Even more disturbing, most of these puppies do not receive the correct attention or affection from the very things they love the most; us. They don’t get to run around and exercise the way dogs were meant to. Their well-being is not important to the facilities. Increasing the profit is the sole focus and goal. Because of this, puppies are repeatedly born sick and their life expectancy is decreased. As terrible as this is, these are the very real and disturbing circumstances for puppies living in puppy mills; if you’d even want to call it that. They should be shut down completely, and banned by the government throughout the nation.
Some people may think that buying a pet from a pet store is essentially rescuing an animal from one of these places, and while it may be true, it is only supporting the industry and allowing it to continue with these horrible practices. I will now be explaining what we can do to stop these practices.
A: Pet mills put money and profit, before the health of the animals they are breeding. Animals from these mills are usually living in disgusting conditions, and not getting the medical care that they need (Sheeter, n.d.). Because of this, the animals can get very prone to sickness, and have behavioural problems. They are left in small crates, squished together, have terrible diets, and dirty water (Sheeter, n.d.). A lot of dogs have been neglected or abused and have had little attention, interaction with humans or other animals, or obedience trainings. They were not treated with any sort or respect or appreciation or care, and they deserve that. The mums of the puppies are caged and constantly bred until they no longer can, they do not get
The history of puppy mills started in the World War 2 era. After the the crop failure in the midwest the number of purebred dogs began to increase in the 1950’s. Many families went to a pet store instead of going to a shelter to find their loving pet. The farmers had used the puppies for additional income or as a cash crop, which resulted in the first puppy business. The farmers housed the puppies mostly in chicken coops or rabbit hutches. The farmers also would use things like old refrigerators and rabbit cages to put the puppies in. Most of the veterinarian care and food nutrition were not available to the puppies. “When the 1960’s came along a concern about the pet store happened, mainly because the puppies were being sold from the puppy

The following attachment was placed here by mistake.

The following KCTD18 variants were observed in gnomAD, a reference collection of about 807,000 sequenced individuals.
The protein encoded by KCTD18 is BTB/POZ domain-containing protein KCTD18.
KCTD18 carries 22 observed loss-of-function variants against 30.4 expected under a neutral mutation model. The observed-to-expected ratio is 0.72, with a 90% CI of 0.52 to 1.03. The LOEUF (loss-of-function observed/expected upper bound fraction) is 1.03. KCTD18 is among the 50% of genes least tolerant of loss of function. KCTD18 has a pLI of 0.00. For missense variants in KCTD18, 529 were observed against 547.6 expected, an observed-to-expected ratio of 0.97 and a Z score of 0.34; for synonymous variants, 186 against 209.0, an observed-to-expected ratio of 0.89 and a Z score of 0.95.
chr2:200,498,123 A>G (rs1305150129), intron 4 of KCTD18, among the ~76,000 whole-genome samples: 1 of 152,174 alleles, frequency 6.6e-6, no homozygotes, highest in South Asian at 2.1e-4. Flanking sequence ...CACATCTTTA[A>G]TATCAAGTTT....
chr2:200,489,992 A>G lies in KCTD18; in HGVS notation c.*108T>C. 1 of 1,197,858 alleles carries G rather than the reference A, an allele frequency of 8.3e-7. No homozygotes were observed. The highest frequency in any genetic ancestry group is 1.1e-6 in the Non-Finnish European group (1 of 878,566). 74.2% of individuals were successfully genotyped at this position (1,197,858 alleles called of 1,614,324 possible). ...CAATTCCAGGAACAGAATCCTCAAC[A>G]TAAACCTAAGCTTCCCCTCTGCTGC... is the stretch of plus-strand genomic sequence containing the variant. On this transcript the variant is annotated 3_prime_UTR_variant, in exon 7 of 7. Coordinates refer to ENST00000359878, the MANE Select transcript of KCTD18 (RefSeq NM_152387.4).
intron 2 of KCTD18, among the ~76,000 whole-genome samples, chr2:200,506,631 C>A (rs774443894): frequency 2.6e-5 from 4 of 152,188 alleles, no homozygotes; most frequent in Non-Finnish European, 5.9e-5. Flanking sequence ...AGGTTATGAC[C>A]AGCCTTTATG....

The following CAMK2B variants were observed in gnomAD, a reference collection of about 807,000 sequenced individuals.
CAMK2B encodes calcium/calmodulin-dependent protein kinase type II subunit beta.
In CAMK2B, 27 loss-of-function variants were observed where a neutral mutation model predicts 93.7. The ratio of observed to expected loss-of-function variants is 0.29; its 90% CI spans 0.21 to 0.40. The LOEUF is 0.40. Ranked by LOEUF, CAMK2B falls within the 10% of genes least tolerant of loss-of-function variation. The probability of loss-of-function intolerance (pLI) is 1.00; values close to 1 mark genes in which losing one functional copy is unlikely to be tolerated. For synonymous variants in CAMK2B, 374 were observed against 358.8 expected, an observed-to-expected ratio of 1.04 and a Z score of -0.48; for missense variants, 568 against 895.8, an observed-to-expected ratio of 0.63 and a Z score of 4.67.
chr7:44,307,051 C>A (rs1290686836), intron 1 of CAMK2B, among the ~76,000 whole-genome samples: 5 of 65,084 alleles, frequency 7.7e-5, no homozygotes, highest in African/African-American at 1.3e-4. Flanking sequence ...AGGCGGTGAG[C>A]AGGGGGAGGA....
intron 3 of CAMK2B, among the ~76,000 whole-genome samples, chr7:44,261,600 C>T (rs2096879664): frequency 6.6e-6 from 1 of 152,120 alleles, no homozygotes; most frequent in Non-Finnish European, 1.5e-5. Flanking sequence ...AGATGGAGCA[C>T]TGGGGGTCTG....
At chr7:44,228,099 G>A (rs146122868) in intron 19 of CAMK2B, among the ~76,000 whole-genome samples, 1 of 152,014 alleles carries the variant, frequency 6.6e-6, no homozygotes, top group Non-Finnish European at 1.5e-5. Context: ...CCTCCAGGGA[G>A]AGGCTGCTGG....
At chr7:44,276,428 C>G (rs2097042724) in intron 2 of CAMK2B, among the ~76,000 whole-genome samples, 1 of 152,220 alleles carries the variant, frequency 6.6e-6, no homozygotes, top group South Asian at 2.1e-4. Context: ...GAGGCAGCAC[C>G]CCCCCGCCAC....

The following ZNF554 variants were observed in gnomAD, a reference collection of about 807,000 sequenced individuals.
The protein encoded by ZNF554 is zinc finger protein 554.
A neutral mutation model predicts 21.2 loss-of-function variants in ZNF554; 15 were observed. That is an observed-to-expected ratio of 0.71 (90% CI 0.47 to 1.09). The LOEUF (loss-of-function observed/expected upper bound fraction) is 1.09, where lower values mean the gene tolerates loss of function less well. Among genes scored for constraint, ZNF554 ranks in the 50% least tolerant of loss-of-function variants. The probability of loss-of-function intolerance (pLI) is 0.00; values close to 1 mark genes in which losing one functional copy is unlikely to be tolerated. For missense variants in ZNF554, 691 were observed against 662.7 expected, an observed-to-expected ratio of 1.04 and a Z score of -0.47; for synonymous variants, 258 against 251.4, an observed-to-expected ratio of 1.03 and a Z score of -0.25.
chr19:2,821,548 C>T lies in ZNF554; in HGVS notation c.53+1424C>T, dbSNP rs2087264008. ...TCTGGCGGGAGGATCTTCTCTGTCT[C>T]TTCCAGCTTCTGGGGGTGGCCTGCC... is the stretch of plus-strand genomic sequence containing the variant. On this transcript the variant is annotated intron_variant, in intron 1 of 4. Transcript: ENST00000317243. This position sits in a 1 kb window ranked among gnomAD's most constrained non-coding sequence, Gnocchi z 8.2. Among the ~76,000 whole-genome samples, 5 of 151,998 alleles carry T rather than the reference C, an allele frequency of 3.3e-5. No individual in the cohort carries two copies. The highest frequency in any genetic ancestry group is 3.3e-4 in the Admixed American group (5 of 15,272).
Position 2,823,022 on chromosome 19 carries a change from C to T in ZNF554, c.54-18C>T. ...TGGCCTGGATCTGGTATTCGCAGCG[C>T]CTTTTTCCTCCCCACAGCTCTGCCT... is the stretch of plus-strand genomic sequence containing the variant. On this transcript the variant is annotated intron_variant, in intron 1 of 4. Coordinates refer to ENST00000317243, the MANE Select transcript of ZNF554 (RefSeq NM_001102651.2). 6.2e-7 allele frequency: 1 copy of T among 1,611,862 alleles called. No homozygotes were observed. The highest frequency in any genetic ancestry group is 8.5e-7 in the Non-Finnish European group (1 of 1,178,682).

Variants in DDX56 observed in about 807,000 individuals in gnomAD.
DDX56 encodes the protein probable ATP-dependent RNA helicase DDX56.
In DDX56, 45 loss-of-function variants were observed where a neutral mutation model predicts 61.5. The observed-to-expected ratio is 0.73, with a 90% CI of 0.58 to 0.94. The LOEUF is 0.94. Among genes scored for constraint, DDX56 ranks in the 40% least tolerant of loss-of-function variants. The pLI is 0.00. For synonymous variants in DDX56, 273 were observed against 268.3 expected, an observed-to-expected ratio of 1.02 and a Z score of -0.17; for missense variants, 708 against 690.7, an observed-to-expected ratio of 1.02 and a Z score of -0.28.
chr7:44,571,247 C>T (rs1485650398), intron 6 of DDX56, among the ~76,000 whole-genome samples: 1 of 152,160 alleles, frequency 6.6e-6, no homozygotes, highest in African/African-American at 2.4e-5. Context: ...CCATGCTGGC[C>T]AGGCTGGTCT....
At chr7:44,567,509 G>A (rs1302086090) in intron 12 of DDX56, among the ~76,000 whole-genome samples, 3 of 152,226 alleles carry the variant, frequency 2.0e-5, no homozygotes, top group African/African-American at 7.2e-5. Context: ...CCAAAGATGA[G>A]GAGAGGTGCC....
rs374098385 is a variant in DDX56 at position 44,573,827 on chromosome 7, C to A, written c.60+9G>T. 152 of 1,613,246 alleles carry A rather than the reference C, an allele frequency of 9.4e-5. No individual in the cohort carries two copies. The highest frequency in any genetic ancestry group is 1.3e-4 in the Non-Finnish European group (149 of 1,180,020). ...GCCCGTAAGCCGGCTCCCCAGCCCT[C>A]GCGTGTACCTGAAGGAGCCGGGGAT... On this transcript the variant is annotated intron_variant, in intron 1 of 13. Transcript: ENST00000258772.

“Puppy mills create misery for dogs and pain for the unwitting purchasers of the animal, and they indirectly deny suitable homes for animals in need.”- Wayne Pacelle (President of the Humane Society of the United States)
Puppy mills should be banned in the United States for their action. There has been a couple of states who have decided to regulate puppy mills. It depends if the state enforces the law and if the consequences of breaking that law are great enough to stop puppy mills. According to Kim Evans, an agency of the USDA: The Animal and Plant Health Inspection Service (APHIS) has failed to enforce the humane care and treatment of animals at all puppy mills required by the Animal Welfare Act after an inspection. The inspector states that "stronger enforcement actions are needed for serious or repeat violators because the monetary penalties were often so low that violators regarded them as a cost of business." (5). Since the USDA has failed to enforce the humane care of animals in puppy mills through law, puppy mills should be banned. If a person was caught with a puppy mill of the unacceptable standards listed in the previous paragraphs, they will have prison time. Not a fine. This inspection has shown that repeat violators regard the fines for their violations as a cost of business. In the article called Pets, there is a chart that shows violations and how many times they were violated in the years of 2006-2008. The chart shows that the violation of bad housing facilities they are a total of 4,744 violations. Also, there is a total of 3,537 violations for not providing adequate veterinary care (Evans